The first coat of paint that covers the primer is called the basecoat.
|Anne Field's 2021 NaMoPaiMo horse in basecoat|
There are no hard and fast rules regarding basecoats. They can be any medium, and they do not have to be the same medium as the rest of the piece. Similarly, they may or may not reflect the model's final color.
|Tamzyn Revolta's 2021 NaMoPaiMo model in basecoat|
No matter which medium or method you use, do not expect your basecoat to look fantastic. Usually they are streaky and patchy. This is Stephanie Blaylock's 2021 NaMoPaiMo horse with one layer of pastels over primer.Here's Danielle Dunn's horse with one layer of oils over primer.
Melanie Miller usually starts with oils over primer, too, but this year she is painting a horse with a really detailed white pattern. February is a short month, and she didn't want to waste a week waiting for multiple oil layers to dry. To shortcut the process, she started with Pan Pastels instead. This is one layer of Pan Pastels over grey primer before...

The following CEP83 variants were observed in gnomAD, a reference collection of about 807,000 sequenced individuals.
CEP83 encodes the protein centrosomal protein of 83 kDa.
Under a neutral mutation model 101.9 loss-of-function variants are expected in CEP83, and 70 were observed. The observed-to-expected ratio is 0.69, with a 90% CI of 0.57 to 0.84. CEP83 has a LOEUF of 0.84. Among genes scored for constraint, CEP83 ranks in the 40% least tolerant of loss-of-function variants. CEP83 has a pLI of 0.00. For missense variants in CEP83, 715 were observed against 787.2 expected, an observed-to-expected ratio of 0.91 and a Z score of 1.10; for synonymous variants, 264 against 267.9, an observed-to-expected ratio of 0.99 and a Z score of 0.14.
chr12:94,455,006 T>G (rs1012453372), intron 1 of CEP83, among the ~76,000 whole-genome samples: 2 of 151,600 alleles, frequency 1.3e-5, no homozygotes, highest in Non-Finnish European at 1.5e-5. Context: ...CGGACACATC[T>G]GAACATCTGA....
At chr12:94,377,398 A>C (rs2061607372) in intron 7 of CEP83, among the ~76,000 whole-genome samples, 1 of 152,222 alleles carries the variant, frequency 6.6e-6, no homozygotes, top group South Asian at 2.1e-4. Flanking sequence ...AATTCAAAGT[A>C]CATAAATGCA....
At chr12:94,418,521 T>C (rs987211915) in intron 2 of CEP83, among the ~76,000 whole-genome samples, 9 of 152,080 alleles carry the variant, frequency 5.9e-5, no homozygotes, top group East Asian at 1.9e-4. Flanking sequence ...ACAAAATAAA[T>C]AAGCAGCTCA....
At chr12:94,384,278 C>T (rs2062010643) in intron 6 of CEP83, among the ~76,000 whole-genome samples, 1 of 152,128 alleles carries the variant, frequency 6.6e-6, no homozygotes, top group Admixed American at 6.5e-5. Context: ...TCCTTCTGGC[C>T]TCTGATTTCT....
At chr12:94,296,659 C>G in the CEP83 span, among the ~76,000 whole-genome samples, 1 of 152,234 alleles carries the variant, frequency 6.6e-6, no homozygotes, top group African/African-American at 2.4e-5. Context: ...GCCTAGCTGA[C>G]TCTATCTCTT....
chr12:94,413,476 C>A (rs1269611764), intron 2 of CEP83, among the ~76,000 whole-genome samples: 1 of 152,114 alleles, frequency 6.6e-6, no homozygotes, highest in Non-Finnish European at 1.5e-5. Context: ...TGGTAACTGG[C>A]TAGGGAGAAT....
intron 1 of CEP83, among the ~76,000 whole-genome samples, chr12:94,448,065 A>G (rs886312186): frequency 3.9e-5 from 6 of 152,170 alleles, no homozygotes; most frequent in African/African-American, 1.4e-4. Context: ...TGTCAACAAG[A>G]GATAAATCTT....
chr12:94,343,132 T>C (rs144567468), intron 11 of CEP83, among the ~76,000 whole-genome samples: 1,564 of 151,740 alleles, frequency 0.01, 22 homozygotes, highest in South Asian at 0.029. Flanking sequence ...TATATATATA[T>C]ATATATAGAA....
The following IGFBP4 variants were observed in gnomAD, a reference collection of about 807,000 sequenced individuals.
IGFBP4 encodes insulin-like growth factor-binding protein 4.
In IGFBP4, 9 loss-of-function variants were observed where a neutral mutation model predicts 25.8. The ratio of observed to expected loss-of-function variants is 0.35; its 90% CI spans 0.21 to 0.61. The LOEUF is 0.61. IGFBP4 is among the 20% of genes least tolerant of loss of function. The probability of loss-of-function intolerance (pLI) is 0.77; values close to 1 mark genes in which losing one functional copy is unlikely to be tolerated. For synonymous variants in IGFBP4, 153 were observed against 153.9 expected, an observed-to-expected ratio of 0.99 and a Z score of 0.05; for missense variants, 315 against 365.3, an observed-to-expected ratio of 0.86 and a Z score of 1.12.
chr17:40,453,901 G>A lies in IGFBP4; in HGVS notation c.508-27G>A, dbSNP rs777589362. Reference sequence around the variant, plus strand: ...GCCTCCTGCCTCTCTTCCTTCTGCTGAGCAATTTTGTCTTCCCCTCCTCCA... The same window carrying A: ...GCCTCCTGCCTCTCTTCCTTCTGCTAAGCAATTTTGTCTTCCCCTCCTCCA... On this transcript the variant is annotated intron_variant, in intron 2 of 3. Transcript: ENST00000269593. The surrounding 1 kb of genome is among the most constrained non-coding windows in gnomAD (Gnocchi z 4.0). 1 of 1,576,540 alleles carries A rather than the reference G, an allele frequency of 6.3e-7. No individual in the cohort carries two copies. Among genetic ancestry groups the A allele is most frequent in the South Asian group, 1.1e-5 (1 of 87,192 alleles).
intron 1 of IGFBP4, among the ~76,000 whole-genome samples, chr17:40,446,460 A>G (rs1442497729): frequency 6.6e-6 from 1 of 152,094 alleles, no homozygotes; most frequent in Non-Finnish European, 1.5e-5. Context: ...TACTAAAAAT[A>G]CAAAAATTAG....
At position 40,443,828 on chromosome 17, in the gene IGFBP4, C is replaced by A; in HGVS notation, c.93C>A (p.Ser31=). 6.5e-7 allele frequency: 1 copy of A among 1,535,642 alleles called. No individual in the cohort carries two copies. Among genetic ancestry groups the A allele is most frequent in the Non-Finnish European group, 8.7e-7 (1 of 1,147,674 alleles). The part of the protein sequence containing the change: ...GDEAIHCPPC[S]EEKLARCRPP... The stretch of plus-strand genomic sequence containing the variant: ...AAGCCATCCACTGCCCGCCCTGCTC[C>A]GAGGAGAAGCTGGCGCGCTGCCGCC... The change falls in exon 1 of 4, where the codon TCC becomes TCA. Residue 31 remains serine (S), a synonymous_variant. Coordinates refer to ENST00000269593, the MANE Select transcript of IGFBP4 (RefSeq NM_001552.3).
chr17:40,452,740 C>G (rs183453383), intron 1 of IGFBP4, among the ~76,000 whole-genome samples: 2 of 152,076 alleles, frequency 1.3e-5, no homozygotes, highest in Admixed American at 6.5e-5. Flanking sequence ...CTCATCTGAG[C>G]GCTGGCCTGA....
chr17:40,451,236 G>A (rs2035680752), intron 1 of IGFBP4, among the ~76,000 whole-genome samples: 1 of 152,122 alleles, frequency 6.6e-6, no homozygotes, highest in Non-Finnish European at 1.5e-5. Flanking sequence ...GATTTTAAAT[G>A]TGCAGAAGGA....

and after sealing. For people who are not familiar with pastels, this loss of color and detail is a normal - and often discouraging - part of the process.
Here's Mel's second layer, again before...and after sealing.
And number three.This layer looked good even after spraying, so it was the last pastel layer.
And here's the first layer of oils. Mel writes: They went on so much more opaque than usual, thanks to the Pan Pastel base layers. When I’m not in a time crunch, I just do all of the layers in oils (and boy, does the first layer look like mistakes were made!). The pastels are messy and require a mask, but it’s nice to have options.
Truly, there are no hard and fast rules when it comes to basecoats. Choose a color, choose a medium, and don't worry if it doesn't look good right away. Basecoats are just the beginning. Trust the process. Keep painting.